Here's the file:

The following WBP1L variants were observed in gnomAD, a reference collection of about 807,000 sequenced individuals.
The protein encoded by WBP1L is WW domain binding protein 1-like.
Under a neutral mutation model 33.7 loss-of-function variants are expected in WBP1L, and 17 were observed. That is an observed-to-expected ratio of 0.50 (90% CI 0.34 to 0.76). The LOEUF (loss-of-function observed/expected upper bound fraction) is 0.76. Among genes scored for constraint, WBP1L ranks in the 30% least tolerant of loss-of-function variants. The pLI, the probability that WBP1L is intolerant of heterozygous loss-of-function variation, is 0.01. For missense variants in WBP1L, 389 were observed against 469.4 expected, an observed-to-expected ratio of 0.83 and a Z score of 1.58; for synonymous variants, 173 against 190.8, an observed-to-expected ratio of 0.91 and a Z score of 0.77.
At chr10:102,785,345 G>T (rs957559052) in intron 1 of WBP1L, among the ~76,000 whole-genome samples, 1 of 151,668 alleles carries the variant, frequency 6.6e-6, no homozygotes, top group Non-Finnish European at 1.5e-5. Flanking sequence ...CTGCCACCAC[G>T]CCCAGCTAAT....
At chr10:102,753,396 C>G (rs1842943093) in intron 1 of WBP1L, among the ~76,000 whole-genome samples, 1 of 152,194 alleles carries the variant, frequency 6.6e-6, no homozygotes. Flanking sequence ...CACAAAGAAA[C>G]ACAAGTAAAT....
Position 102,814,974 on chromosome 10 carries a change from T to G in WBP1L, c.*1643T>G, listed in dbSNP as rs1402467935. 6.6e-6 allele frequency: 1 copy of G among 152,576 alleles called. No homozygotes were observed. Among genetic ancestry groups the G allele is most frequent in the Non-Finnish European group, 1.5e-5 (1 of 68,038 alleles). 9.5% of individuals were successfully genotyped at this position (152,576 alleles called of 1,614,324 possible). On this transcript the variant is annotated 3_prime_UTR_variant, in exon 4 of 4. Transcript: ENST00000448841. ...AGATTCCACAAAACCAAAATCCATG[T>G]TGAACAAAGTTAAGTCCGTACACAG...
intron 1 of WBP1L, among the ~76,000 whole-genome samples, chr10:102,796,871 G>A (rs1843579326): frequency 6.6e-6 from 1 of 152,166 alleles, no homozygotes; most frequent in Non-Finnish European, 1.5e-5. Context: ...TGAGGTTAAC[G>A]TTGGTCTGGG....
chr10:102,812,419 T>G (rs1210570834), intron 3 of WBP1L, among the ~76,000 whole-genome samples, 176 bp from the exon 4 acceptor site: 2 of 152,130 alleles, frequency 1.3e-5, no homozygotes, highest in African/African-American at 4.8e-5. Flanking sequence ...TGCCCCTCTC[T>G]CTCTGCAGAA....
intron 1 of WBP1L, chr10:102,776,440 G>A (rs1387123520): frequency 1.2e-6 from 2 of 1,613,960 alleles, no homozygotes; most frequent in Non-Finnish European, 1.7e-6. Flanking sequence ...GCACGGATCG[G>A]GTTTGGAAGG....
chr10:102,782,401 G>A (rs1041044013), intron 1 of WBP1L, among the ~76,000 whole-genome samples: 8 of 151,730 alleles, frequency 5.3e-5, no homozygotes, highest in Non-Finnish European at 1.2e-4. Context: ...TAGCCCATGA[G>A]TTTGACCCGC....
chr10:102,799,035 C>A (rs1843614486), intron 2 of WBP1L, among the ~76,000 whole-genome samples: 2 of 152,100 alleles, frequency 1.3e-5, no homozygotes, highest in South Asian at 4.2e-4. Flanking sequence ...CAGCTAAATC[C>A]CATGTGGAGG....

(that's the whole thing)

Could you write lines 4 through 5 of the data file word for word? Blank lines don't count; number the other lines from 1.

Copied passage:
At chr10:102,785,345 G>T (rs957559052) in intron 1 of WBP1L, among the ~76,000 whole-genome samples, 1 of 151,668 alleles carries the variant, frequency 6.6e-6, no homozygotes, top group Non-Finnish European at 1.5e-5. Flanking sequence ...CTGCCACCAC[G>T]CCCAGCTAAT....
At chr10:102,753,396 C>G (rs1842943093) in intron 1 of WBP1L, among the ~76,000 whole-genome samples, 1 of 152,194 alleles carries the variant, frequency 6.6e-6, no homozygotes. Flanking sequence ...CACAAAGAAA[C>G]ACAAGTAAAT....